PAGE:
I was first introduced to William Zinsser in my college’s Art of the Essay course. One of the many books we were required to purchase was the popular On Writing Well, a book that is recommended by many writing instructors. It is this book, which has sold more than 1.5-million copies and is often paired with Strunk and White’s The Elements of Style, that made Zinsser’s name a popular one. It’s unfortunate that he has passed.
“Writing is similar to trying to seduce a woman. A lot has to do with practice, but mostly it’s innate. Anyway, good luck.”
“….You have to be mindful when you’re writing something. I keep in mind to ‘not have the pen get too mighty’ when I write. I choose my words so the least amount of people get hurt, but that’s also hard to achieve. No matter what is written, there is a chance of someone getting hurt or offending someone. Keeping all that in mind, I try as much as I can to write something that will not hurt anyone. This is a moral every writer should follow.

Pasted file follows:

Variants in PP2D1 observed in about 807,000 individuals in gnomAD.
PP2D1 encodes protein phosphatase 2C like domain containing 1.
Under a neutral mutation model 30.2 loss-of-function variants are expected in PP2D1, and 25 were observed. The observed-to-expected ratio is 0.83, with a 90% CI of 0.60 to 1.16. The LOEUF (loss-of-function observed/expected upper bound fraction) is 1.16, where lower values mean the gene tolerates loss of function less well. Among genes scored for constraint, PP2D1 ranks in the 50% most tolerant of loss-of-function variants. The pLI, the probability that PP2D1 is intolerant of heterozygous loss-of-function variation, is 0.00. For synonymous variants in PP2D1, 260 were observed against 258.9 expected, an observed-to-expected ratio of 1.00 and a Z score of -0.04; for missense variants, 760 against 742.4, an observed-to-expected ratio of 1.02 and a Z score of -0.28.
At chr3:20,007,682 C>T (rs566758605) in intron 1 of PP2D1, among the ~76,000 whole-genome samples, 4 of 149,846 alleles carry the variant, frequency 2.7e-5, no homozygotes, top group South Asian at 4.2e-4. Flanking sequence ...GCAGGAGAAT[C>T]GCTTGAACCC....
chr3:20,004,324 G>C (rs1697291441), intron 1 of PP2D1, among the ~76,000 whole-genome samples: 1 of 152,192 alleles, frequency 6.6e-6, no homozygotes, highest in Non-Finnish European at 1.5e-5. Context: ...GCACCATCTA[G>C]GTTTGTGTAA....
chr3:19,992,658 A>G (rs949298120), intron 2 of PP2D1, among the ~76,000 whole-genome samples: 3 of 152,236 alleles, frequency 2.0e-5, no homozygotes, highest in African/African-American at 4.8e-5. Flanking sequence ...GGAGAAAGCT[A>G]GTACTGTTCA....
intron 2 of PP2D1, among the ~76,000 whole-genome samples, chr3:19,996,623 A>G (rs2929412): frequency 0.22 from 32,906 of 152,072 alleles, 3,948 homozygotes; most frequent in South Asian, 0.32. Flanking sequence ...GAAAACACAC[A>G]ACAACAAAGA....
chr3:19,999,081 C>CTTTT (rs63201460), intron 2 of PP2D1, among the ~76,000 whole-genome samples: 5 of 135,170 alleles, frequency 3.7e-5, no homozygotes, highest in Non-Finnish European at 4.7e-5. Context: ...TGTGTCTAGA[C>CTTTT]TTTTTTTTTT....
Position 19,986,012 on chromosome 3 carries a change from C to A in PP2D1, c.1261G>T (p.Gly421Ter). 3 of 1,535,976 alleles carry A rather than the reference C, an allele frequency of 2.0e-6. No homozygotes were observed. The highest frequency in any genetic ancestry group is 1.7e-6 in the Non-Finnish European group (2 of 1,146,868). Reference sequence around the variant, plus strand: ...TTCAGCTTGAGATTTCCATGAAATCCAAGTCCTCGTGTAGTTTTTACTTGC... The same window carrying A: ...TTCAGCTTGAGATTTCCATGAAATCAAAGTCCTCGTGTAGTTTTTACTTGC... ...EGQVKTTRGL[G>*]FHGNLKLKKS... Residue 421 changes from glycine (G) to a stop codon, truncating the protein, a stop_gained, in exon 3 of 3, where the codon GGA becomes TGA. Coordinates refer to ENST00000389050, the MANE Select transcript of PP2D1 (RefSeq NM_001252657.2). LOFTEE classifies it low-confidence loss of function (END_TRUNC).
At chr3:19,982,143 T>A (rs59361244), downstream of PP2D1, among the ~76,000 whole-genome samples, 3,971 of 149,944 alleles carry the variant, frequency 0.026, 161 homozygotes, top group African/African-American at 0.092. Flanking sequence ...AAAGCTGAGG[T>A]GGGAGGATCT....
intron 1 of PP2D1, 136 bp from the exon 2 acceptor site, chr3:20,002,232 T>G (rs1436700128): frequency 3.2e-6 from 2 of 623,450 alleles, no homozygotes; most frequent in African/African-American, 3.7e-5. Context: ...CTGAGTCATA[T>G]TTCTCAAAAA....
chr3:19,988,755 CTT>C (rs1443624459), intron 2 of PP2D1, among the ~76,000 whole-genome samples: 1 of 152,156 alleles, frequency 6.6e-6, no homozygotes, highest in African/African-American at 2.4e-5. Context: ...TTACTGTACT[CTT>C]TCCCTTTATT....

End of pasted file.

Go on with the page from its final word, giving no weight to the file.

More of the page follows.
But at the same time, when you need to fight a battle, you also need to reserve energy to be able to fight. Something like what you use to tighten your stomach. But that’s only when you really need to. If you recklessly make the pen mightier than the sword, you’re putting yourself in danger. That’s my personal opinion. Some may think otherwise.”
—Haruki Murakami, from Vulture’s collection of the best advice Murakami posted in response to reader-submitted questions. The interaction took place on the author’s website, Mr. Murakami’s Place (Murakami-san no tokoro), most of which is in Japanese, but Vulture translated the ones included in its column. Murakami is a contemporary Japanese writer. His most recent novels are Colorless Tsukuru Tazaki and His Years of Pilgrimage and IQ84.